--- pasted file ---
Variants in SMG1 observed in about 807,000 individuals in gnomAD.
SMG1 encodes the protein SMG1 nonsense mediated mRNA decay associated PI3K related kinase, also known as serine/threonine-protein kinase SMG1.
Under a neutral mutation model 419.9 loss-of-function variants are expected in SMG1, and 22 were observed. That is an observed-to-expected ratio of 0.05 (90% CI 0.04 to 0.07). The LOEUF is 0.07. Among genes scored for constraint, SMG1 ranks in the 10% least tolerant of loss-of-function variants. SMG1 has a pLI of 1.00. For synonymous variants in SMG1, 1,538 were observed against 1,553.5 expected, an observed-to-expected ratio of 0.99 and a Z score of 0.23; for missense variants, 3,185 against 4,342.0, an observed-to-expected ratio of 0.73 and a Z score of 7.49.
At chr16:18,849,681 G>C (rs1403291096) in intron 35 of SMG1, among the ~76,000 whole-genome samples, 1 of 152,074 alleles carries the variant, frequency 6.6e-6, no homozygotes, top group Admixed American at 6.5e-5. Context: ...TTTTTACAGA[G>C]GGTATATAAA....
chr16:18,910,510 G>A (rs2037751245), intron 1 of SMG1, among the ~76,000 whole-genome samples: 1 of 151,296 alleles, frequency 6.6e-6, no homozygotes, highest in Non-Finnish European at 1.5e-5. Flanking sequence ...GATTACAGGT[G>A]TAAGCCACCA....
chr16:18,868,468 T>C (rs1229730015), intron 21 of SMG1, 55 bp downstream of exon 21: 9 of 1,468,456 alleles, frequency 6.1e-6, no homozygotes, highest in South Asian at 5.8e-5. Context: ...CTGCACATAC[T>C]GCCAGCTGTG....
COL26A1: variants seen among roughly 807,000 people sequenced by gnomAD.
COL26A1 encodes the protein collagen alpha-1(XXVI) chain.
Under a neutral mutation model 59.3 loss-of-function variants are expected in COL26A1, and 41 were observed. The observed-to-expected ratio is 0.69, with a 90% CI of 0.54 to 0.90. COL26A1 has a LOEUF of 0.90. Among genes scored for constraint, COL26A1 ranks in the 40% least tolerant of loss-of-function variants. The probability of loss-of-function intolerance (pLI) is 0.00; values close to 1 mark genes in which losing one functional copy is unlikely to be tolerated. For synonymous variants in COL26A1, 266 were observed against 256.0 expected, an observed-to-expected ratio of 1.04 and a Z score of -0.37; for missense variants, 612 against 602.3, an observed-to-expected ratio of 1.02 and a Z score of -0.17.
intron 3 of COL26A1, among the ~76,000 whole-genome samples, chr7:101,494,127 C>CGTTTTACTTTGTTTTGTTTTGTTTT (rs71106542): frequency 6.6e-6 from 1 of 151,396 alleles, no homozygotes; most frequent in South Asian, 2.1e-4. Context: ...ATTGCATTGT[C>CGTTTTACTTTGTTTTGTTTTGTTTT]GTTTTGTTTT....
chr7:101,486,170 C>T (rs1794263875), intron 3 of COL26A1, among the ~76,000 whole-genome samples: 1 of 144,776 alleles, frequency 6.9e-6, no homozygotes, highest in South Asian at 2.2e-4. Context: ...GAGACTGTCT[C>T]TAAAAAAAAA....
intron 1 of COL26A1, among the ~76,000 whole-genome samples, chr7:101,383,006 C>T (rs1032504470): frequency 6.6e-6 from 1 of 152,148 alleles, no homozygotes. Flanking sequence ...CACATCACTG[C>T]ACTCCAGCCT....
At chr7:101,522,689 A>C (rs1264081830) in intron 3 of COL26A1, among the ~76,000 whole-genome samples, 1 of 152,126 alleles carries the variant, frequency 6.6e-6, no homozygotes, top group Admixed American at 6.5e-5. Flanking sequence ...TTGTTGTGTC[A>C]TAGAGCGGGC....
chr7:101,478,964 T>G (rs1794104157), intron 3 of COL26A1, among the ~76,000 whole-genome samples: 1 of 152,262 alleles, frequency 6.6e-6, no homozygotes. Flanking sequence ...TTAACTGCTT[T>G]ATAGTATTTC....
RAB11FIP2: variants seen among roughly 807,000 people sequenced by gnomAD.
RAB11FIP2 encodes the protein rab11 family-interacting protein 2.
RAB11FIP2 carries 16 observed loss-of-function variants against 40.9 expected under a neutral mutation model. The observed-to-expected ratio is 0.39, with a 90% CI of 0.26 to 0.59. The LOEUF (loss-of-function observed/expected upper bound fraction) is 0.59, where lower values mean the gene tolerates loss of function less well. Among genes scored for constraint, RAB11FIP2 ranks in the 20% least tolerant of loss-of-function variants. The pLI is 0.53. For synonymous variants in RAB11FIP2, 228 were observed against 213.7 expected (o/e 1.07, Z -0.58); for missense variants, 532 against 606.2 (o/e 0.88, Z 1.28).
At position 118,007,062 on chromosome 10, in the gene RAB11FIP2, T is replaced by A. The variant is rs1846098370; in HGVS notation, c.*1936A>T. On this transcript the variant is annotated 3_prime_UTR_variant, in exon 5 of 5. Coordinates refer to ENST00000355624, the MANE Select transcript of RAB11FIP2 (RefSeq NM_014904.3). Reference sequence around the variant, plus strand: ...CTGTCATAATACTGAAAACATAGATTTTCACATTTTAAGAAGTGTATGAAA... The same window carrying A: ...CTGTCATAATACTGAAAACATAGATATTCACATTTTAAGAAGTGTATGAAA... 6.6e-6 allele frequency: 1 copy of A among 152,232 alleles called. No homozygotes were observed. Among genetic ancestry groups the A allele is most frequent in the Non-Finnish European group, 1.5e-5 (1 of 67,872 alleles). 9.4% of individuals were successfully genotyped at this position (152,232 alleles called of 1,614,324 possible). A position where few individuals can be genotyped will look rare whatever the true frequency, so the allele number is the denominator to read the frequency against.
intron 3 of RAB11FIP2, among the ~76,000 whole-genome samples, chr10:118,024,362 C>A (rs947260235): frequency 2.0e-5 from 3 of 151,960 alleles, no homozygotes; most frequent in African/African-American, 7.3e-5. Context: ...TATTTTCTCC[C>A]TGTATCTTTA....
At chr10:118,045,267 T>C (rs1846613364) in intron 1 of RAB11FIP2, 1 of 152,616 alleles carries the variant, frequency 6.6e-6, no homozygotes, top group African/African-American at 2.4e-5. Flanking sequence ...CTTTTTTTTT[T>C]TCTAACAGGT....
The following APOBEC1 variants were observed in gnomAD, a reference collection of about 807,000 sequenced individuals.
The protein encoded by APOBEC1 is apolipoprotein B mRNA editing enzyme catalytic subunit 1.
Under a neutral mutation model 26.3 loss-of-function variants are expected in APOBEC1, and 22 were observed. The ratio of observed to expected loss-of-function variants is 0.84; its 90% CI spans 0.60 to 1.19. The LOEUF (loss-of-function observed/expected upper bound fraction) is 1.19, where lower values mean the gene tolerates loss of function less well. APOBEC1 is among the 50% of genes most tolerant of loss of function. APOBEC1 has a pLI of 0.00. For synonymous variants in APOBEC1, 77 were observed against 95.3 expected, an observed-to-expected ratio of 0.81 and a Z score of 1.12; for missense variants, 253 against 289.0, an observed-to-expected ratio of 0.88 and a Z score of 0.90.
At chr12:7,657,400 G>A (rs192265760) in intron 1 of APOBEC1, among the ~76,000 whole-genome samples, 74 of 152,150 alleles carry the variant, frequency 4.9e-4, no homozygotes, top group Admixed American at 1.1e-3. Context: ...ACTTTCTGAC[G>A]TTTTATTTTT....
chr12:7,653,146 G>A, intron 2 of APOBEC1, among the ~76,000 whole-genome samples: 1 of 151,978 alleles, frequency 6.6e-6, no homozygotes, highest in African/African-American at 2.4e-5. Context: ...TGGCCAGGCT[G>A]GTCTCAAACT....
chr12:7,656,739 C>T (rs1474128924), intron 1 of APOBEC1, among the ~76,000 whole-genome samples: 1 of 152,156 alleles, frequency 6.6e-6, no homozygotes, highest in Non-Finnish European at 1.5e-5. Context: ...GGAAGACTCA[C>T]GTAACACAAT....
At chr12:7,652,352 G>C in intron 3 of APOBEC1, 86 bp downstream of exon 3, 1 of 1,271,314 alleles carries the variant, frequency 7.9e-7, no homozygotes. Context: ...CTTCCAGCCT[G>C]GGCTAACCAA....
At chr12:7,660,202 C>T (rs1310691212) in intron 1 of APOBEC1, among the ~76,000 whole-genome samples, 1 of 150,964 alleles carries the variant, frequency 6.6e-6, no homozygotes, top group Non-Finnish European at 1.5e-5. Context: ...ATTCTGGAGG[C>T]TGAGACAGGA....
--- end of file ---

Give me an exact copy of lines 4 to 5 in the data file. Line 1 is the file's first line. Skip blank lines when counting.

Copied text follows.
At chr16:18,849,681 G>C (rs1403291096) in intron 35 of SMG1, among the ~76,000 whole-genome samples, 1 of 152,074 alleles carries the variant, frequency 6.6e-6, no homozygotes, top group Admixed American at 6.5e-5. Context: ...TTTTTACAGA[G>C]GGTATATAAA....
chr16:18,910,510 G>A (rs2037751245), intron 1 of SMG1, among the ~76,000 whole-genome samples: 1 of 151,296 alleles, frequency 6.6e-6, no homozygotes, highest in Non-Finnish European at 1.5e-5. Flanking sequence ...GATTACAGGT[G>A]TAAGCCACCA....